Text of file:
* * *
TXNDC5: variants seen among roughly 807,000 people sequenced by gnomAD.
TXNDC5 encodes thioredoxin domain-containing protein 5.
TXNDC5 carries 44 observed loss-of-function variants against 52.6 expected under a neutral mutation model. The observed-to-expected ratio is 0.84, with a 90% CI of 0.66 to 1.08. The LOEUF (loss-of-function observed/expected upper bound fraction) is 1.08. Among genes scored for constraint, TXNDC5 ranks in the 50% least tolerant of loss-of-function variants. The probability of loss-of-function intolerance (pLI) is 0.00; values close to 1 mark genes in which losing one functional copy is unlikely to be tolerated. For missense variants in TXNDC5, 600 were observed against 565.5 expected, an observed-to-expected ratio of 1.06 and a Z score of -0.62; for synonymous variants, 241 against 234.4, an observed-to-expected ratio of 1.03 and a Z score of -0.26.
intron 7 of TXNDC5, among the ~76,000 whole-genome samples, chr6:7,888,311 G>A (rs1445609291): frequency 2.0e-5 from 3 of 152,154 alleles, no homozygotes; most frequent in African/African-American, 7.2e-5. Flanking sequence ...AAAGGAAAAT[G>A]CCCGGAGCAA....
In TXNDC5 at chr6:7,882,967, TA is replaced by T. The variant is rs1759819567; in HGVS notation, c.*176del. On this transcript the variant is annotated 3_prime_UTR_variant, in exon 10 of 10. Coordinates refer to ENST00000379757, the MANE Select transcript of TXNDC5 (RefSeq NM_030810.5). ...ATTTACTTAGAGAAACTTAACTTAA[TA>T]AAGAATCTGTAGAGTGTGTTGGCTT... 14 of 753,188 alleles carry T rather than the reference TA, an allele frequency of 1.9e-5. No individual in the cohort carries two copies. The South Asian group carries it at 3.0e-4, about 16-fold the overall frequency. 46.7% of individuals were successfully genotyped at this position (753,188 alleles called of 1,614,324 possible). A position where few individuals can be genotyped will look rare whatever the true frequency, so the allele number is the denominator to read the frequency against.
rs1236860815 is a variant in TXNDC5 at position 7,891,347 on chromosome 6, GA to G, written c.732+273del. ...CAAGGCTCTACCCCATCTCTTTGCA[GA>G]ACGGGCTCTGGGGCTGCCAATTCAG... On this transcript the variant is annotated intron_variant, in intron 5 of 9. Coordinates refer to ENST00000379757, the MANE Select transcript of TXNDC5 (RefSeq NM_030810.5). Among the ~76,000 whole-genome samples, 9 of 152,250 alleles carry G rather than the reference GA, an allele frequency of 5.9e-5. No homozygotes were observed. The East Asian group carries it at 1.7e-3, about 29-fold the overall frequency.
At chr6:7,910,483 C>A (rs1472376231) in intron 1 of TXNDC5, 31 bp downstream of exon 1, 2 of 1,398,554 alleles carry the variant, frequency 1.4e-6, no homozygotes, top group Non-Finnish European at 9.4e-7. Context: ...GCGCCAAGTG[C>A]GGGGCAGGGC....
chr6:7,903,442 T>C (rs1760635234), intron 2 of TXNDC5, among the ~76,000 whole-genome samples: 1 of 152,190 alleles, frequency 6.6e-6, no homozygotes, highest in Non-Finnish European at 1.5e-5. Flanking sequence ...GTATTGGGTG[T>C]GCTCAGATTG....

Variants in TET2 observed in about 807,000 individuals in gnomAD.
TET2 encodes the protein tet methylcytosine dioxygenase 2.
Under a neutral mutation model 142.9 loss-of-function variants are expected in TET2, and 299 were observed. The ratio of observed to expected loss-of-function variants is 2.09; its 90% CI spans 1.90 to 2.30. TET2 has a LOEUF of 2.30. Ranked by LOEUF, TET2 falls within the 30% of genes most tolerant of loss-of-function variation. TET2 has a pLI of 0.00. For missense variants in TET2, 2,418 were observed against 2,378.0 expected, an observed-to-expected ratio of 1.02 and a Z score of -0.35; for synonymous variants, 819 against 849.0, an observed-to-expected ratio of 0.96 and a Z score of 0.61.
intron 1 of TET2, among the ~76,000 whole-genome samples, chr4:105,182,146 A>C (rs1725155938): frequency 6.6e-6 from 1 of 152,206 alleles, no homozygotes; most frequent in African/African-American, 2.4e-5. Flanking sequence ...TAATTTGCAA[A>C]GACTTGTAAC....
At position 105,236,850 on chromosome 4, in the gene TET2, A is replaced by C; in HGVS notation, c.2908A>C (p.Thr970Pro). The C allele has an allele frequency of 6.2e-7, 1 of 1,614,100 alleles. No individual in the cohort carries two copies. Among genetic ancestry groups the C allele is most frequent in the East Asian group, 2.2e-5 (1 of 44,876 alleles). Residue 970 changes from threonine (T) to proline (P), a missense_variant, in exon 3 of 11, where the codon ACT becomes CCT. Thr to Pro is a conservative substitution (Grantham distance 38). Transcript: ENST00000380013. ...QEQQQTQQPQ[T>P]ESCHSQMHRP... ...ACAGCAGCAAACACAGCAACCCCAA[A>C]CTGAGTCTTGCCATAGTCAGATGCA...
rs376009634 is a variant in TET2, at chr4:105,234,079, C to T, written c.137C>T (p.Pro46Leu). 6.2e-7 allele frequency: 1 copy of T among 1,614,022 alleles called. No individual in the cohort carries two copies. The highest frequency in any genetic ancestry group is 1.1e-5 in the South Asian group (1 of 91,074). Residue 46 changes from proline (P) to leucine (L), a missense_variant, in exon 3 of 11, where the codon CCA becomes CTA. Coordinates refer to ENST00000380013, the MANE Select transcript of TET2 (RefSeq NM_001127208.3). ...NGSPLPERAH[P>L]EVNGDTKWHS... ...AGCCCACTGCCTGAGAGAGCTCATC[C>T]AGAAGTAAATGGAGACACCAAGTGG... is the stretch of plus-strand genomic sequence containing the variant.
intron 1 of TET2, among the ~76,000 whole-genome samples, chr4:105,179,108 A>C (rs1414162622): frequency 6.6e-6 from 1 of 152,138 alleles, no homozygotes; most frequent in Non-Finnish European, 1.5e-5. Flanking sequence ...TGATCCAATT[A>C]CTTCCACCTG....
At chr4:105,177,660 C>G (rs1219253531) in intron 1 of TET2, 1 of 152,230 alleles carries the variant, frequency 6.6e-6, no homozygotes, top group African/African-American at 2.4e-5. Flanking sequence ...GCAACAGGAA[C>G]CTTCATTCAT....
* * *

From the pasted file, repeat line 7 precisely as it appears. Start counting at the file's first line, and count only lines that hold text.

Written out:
At chr6:7,910,483 C>A (rs1472376231) in intron 1 of TXNDC5, 31 bp downstream of exon 1, 2 of 1,398,554 alleles carry the variant, frequency 1.4e-6, no homozygotes, top group Non-Finnish European at 9.4e-7. Context: ...GCGCCAAGTG[C>A]GGGGCAGGGC....